With iSWOOP leaders and scientists, I have co-authored two journal articles for kids with iSWOOP for Frontier for Young Minds entitled: “Indicator Species Reveal Environmental Health” and “Millions of Monarch Butterflies and the Quest to Count Them.” The first of these focuses on frogs, which are outstanding indicator species in the Indiana Dunes and elsewhere. The second features monarch butterflies and new technology being used to count them as they overwinter in Mexico.
By Claire Shapiro
Claire, a student at Middlebury College, is passionate about education equity, diversifying STEM, and working towards more pluralistic, inclusive education models. During her internship at TERC, she worked with Jodi Asbell-Clarke and Ibrahim Dahlstrom- Hakki, supporting the work of the INFACT and EdGE (Educational Gaming Environments) groups to promote inclusive models of teaching computational thinking to elementary and middle school students.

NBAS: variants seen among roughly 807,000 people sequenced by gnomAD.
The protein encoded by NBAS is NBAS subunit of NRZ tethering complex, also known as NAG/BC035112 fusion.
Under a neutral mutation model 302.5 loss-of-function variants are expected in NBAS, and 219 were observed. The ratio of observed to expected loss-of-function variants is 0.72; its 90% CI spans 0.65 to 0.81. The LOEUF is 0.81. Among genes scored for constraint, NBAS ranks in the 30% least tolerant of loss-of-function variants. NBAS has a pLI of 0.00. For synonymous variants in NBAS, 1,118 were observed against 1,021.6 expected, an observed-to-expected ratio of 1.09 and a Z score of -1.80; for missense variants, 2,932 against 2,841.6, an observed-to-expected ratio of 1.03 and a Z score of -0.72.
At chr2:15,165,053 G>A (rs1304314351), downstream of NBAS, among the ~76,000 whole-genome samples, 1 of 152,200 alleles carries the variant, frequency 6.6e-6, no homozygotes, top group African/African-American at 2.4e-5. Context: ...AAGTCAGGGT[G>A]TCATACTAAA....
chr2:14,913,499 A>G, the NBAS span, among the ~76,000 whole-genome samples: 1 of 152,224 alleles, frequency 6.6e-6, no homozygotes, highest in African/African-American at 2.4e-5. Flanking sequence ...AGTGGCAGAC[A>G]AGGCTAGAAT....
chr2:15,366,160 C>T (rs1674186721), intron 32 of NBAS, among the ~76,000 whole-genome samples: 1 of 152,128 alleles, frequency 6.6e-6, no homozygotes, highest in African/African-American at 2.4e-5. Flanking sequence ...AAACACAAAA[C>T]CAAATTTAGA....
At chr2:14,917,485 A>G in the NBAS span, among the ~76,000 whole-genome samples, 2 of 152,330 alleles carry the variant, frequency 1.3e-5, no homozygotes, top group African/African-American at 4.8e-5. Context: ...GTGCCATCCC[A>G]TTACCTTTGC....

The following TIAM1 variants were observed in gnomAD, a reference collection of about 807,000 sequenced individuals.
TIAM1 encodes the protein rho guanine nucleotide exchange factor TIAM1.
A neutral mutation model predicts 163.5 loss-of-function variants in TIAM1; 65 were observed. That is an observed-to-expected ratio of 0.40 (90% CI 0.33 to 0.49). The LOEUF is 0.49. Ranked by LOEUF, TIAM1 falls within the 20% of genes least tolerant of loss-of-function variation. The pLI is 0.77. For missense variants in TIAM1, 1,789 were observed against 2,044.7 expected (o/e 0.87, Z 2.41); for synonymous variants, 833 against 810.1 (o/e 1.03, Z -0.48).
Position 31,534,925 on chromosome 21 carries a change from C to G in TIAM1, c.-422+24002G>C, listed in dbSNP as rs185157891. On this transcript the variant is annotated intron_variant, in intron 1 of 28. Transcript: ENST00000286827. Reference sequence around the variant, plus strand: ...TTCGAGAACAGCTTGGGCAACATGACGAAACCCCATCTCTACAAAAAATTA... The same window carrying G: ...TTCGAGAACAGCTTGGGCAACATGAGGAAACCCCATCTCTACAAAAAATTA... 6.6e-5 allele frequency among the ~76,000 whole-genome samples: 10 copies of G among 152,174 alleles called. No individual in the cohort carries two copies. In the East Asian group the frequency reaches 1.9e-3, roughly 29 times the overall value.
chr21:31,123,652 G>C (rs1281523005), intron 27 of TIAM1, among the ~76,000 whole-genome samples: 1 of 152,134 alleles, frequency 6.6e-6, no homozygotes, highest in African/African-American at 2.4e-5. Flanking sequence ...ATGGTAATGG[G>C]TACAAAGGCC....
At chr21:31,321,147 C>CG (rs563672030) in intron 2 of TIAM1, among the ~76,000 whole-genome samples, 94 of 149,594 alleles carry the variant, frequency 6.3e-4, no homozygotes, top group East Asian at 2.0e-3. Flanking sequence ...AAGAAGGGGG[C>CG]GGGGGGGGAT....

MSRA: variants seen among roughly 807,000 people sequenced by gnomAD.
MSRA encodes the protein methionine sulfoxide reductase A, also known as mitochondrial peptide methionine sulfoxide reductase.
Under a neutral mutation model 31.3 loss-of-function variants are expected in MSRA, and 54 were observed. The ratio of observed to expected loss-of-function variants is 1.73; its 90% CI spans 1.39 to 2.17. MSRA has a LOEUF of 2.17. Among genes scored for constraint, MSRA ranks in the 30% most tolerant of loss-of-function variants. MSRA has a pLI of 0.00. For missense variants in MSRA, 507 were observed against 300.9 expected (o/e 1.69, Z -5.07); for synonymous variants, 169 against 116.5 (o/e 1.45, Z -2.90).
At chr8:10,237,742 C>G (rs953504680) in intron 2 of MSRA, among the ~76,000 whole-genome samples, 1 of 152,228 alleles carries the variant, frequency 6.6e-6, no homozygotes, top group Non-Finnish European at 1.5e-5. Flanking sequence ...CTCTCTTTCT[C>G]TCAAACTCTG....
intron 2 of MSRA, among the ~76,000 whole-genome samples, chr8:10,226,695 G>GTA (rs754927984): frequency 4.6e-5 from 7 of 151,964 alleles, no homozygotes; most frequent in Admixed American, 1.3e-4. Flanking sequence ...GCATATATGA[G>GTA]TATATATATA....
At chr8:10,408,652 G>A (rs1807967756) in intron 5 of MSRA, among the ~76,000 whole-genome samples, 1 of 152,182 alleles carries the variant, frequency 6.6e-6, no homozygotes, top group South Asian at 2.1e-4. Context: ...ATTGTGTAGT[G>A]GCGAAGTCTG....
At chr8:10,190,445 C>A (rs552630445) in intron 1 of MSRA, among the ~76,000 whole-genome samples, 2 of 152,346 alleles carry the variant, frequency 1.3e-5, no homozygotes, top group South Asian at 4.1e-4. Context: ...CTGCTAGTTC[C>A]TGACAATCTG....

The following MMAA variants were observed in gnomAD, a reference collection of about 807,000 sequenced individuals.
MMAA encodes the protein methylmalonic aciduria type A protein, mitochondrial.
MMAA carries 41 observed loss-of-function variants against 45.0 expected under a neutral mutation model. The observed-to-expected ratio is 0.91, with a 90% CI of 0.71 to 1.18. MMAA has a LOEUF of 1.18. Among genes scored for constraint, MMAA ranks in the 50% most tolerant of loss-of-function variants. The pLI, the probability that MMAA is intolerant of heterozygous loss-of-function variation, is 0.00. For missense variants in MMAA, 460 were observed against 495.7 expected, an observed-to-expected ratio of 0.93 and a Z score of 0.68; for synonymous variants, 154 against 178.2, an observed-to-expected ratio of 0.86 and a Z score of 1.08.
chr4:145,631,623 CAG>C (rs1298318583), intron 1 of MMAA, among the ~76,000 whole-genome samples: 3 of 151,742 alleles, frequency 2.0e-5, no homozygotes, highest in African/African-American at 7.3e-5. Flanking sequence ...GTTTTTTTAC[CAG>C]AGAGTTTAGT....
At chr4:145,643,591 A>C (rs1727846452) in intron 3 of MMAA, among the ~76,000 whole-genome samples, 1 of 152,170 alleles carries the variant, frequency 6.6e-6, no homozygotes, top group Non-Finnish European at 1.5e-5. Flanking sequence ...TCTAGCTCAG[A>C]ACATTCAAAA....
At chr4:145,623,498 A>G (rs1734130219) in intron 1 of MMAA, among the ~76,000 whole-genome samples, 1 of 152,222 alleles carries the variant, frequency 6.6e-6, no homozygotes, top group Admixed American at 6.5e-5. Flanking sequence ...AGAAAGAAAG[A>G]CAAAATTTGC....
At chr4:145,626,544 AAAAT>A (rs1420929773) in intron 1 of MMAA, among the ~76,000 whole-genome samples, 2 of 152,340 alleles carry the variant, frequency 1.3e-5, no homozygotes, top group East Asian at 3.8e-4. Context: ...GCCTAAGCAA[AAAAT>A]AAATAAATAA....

Finding myself at TERC this past summer felt largely serendipitous. I had originally planned to work for a Bostonarea venture capital firm. That appealed to me in some respects, but I kept questioning if that was how I wanted to spend my time. A reflective conversation with a family friend, Jennifer Dorsen of ScienceQuest, about an independent course I’d done in high school on American public education inequality, helped me tune back into my interest in education research. Jennifer helped connect me with several education researchers who specialized in diversity in higher STEM. I soon found myself on a Zoom call with Dr. Maria Ong, a field leader and long-time TERC researcher. She gave me the advice to reach out to anyone in the field whose work interested me. I remain grateful for her many insights and for this simple but powerful directive.
I feel immensely lucky to have ended up with a mentor like Dr. Asbell-Clarke, who immediately encouraged me to just call her “Jodi.” Jodi took me seriously from day one, despite my relative youth and inexperience, delegating a literature review for her book and asking me to read the manuscript. To have her solicit my genuine input (and criticism) so early on was an empowering way to begin the summer.